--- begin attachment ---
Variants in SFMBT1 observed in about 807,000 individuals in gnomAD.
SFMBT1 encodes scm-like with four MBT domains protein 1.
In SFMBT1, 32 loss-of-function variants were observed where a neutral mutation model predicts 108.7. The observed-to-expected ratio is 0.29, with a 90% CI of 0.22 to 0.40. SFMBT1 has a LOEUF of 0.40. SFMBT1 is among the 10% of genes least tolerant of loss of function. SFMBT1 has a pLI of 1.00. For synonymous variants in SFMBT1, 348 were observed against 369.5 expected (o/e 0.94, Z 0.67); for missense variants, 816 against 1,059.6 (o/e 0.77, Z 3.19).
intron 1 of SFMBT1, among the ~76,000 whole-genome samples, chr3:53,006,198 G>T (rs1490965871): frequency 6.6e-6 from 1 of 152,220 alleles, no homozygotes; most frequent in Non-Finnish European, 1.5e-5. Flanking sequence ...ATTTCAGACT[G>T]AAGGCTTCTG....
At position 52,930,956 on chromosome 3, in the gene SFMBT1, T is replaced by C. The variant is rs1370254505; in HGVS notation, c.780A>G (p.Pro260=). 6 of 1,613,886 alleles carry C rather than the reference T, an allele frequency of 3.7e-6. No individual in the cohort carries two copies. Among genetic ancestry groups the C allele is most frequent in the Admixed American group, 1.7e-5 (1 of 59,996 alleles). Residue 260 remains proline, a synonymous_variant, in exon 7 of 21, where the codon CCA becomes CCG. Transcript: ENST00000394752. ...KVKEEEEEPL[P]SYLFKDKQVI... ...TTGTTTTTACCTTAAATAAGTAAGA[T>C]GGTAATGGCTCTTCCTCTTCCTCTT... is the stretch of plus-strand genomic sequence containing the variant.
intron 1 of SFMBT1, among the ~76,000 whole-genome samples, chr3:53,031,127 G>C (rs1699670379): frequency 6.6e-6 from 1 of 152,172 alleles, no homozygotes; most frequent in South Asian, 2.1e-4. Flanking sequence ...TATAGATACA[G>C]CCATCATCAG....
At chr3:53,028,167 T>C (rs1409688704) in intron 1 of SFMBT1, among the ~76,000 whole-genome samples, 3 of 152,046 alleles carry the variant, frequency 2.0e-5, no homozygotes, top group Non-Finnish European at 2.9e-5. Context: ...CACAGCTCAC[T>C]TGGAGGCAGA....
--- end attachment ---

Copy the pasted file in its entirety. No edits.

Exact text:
Variants in SFMBT1 observed in about 807,000 individuals in gnomAD.
SFMBT1 encodes scm-like with four MBT domains protein 1.
In SFMBT1, 32 loss-of-function variants were observed where a neutral mutation model predicts 108.7. The observed-to-expected ratio is 0.29, with a 90% CI of 0.22 to 0.40. SFMBT1 has a LOEUF of 0.40. SFMBT1 is among the 10% of genes least tolerant of loss of function. SFMBT1 has a pLI of 1.00. For synonymous variants in SFMBT1, 348 were observed against 369.5 expected (o/e 0.94, Z 0.67); for missense variants, 816 against 1,059.6 (o/e 0.77, Z 3.19).
intron 1 of SFMBT1, among the ~76,000 whole-genome samples, chr3:53,006,198 G>T (rs1490965871): frequency 6.6e-6 from 1 of 152,220 alleles, no homozygotes; most frequent in Non-Finnish European, 1.5e-5. Flanking sequence ...ATTTCAGACT[G>T]AAGGCTTCTG....
At position 52,930,956 on chromosome 3, in the gene SFMBT1, T is replaced by C. The variant is rs1370254505; in HGVS notation, c.780A>G (p.Pro260=). 6 of 1,613,886 alleles carry C rather than the reference T, an allele frequency of 3.7e-6. No individual in the cohort carries two copies. Among genetic ancestry groups the C allele is most frequent in the Admixed American group, 1.7e-5 (1 of 59,996 alleles). Residue 260 remains proline, a synonymous_variant, in exon 7 of 21, where the codon CCA becomes CCG. Transcript: ENST00000394752. ...KVKEEEEEPL[P]SYLFKDKQVI... ...TTGTTTTTACCTTAAATAAGTAAGA[T>C]GGTAATGGCTCTTCCTCTTCCTCTT... is the stretch of plus-strand genomic sequence containing the variant.
intron 1 of SFMBT1, among the ~76,000 whole-genome samples, chr3:53,031,127 G>C (rs1699670379): frequency 6.6e-6 from 1 of 152,172 alleles, no homozygotes; most frequent in South Asian, 2.1e-4. Flanking sequence ...TATAGATACA[G>C]CCATCATCAG....
At chr3:53,028,167 T>C (rs1409688704) in intron 1 of SFMBT1, among the ~76,000 whole-genome samples, 3 of 152,046 alleles carry the variant, frequency 2.0e-5, no homozygotes, top group Non-Finnish European at 2.9e-5. Context: ...CACAGCTCAC[T>C]TGGAGGCAGA....